• Don’t start a fire unless you are sure that it is permitted out in your campsite. Some places have strict rules and they must be followed.
  • Don’t ever wear cotton T-shirts or anything not suitable for the cold climate. It’ll ruin your whole camping trip. Instead, wear merino wool or insulating synthetics.

Dear AWV & Wood River Students

Dear AWV & Wood River Students,

ANNOUNCEMENT & SPECIAL REQUEST: We are SO very excited to announce that in 2016, you’ll see some major changes in AWV! For the past seven years, we’ve focused predominately on (1) awareness of women in service to this great nation, (2) educating military women and veterans about the benefits they’re entitled to as well as (3) advocating for policies on Capitol Hill that impact both our military women and veterans, policies like ensuring the Post 9/11 GI Bill afforded opportunities to single-parent veterans, improving VA Healthcare facilities and services for women, repealing DADT, updating the combat exclusion policy… among much more!

Even during the 2013 deployment to Afghanistan of both the Founder and Co-Founder of AWV, the organization has worked tirelessly to do all we could to ensure that AWV continued it’s mission. Because of all of this amazing work and the incredibly rapid and long-needed changes that have happened for service women and veterans since our founding in 2009, it’s time for us to evolve as well. Our primary role now is less about advocacy and policy changes (though we will be taking Congress to task on Selective Service) but more about being the watchdogs and ensuring that the VA furthers improvements as well as continuing to advise and raise awareness among the Pentagon, Congress, and the American people. We’ve worked tirelessly to impact women from strategic levels, now we are shifting our focus to work at the ground level. ‪#‎AWVBootsontheGroundMission‬‪#‎AWVBotG‬

The second phase of the ‪#‎AWVDream‬ starts here and now. The American Women Veterans Boots on the Ground Mission is all about us – all of us (yes, you, too!). It’s three phases; (1) Get to good. This phase is all about taking care of you. AWV members will work to help you not just transition from the military but set yourself up for success, (2) When you’re G2G, you’ll turn around and help a sister. This is all about us taking care of our own, and finally phase (3) is about community. We all joined the military to be a part of something incredible and so much bigger than us. After years of taking care of the world, we are bringing our strengths, skills, and experiences to benefit our families, friends, and communities here at home because service doesn’t end with a DD214!

Today is uniquely special, not only because it’s Veterans Day but because it is the kick off of ‪#‎AWVBootsontheGround‬. We are starting here in Sun Valley, Idaho, the new base of American Women Veterans. We are getting out into our local community and building the foundation of the largest women veterans organization in probably the world! Throughout 2016, we’ll be developing chapters across the country but it starts here.

To celebrate this commitment we have the honor of speaking with elementary and high school students here in our community. We have the privilege of answering their questions while simultaneously educating the next generation that ‪#‎NotEveryGIisaJoe‬!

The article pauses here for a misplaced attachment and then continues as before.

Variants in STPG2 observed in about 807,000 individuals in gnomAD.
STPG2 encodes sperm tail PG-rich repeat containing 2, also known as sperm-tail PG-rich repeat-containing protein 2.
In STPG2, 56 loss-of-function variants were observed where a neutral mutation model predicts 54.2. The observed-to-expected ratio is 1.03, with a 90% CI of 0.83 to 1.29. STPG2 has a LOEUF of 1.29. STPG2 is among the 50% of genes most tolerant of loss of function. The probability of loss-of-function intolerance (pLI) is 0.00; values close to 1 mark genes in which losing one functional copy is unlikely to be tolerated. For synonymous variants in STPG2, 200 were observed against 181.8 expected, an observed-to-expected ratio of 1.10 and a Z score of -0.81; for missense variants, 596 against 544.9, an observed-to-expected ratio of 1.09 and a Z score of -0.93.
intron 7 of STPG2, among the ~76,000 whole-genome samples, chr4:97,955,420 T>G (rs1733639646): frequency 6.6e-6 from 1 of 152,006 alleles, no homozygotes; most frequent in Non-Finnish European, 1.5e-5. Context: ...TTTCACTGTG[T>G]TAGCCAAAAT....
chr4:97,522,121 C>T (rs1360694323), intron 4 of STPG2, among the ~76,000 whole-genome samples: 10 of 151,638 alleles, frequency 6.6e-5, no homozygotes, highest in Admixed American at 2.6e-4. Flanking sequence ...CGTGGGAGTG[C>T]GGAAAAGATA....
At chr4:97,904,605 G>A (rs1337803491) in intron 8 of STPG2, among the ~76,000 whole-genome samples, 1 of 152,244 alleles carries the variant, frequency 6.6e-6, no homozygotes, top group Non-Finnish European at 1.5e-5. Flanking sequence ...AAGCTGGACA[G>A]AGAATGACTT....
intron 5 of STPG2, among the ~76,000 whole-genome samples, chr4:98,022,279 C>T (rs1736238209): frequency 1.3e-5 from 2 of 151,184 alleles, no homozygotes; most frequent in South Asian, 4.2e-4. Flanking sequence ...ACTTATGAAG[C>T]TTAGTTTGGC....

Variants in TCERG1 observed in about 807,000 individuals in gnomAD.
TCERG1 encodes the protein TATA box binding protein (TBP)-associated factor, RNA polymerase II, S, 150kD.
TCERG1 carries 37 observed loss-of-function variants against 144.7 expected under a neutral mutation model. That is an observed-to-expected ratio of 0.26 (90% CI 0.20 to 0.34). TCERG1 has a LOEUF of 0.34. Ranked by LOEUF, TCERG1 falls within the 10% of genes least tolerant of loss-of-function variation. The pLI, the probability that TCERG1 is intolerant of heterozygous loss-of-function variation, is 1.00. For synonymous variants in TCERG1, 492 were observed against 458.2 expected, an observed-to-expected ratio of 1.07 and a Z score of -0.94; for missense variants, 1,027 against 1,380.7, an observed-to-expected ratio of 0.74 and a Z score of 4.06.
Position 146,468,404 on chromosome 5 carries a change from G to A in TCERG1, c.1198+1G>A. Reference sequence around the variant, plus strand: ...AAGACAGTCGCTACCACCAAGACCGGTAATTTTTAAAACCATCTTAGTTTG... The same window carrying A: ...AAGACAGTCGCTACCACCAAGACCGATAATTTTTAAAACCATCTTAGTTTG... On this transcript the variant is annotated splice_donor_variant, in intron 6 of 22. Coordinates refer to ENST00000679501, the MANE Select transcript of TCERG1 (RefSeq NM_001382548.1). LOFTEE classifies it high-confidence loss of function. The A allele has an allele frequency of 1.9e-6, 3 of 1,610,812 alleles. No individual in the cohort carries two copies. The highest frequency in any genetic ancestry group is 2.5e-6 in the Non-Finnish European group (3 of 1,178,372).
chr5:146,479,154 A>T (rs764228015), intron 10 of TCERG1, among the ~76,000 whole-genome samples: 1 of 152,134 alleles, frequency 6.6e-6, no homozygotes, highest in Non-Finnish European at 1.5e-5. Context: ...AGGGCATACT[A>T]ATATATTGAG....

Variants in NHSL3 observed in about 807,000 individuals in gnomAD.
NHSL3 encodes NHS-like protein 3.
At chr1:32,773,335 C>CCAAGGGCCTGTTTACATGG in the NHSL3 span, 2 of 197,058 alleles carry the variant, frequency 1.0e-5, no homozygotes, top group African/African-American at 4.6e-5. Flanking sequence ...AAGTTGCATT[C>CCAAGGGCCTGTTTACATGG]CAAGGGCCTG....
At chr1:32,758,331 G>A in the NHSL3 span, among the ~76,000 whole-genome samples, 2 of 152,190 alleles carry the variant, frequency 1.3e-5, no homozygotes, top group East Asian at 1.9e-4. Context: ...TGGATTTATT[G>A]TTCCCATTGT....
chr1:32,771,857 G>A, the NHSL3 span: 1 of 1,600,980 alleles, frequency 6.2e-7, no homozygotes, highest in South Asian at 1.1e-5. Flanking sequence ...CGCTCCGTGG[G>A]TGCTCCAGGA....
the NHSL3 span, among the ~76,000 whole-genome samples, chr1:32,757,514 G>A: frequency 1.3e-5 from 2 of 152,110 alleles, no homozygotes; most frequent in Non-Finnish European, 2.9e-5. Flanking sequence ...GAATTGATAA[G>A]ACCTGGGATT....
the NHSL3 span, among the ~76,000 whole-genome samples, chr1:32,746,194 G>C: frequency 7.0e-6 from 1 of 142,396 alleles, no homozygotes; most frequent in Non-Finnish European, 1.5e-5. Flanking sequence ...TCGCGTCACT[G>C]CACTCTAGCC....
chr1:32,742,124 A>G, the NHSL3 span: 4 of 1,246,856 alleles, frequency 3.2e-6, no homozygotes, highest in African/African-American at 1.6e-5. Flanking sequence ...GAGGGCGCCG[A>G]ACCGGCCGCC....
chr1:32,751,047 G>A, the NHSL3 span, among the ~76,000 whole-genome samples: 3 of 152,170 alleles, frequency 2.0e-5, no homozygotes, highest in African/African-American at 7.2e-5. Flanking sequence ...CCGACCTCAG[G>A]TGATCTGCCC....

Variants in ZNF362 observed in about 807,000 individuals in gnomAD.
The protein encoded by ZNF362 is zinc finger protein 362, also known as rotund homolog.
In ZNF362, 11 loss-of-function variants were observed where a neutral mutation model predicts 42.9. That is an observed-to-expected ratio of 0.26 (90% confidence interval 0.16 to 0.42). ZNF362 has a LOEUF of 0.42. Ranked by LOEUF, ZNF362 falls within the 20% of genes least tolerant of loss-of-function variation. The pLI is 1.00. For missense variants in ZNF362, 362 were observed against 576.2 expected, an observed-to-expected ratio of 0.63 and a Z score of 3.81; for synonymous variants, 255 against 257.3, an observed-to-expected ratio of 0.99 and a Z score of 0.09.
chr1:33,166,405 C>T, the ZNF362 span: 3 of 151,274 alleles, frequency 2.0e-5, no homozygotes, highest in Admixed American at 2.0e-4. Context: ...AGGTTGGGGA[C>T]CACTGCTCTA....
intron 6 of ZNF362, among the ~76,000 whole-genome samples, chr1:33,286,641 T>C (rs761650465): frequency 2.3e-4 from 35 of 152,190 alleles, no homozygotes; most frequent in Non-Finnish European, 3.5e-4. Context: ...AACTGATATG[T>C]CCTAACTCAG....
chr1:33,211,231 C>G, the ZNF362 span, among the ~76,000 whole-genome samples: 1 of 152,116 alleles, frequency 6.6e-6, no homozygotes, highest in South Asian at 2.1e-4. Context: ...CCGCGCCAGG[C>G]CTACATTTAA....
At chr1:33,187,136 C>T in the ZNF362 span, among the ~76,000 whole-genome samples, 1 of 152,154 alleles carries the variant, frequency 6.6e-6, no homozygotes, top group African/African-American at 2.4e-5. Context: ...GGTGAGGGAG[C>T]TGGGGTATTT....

But we won’t have the time we need to be the voice for 2.2 million women vets at the event today and because we are arguably the most diverse demographic of the US population, we’d love it if you could help us! Below are some questions the students came up with. Help us surprise them by answering the questions in the comments section of this post. During the assembly, we will tell them to check this page out.
We can think of no better way to start our new initiative than with community outreach and we are honored that we will have the opportunity to speak to some of America’s students.

Here are the students’ questions:
1. What made you want to be in the service?
2. Have you ever been in a life threatening situation while in the line of duty?
3. How hard is it to be away from loved ones and to say goodbye to your family?
4. I feel like you would never look at life w/ the same beauty after what you have seen? Is that true?
5. What was the best aspect of your service?
6. Being a female in combat seems intense, what was your experience like?
7. When you are about to take a life, do you do it for the protection of the American citizens or for the hate of the enemy?
8. Do you believe Veterans Day properly honors all Veterans? If not, what else could be done to honor our vets?
9. What was the most difficult part you had to face during War? At times when you are in the middle of the war do you sometimes regret it?
10. Do you have any regrets about the war? Greatest Injury? Are you content with your decisions?
11. Would you ever go back to war if they let you go? What was your most memorable moment?
12. Is it hard to sleep at night during war?
13. How did you feel and what were the challenges transitioning back into the country and society?
14. How heavy is the average backpack?

If you’d like to provide further assistance to our 2016 initiatives:

1. Please donate. Creating chapters across the country will cost $$!

2. Buy – Visit the www.AWVGear.com store and get some of our awesome gear!

3. Volunteer – We are looking for artists, writers, chapter organizers, advisors, etc. Please send your cover letter and resume to americanwomenveterans

My ‪#TransformationTuesday -‬ My story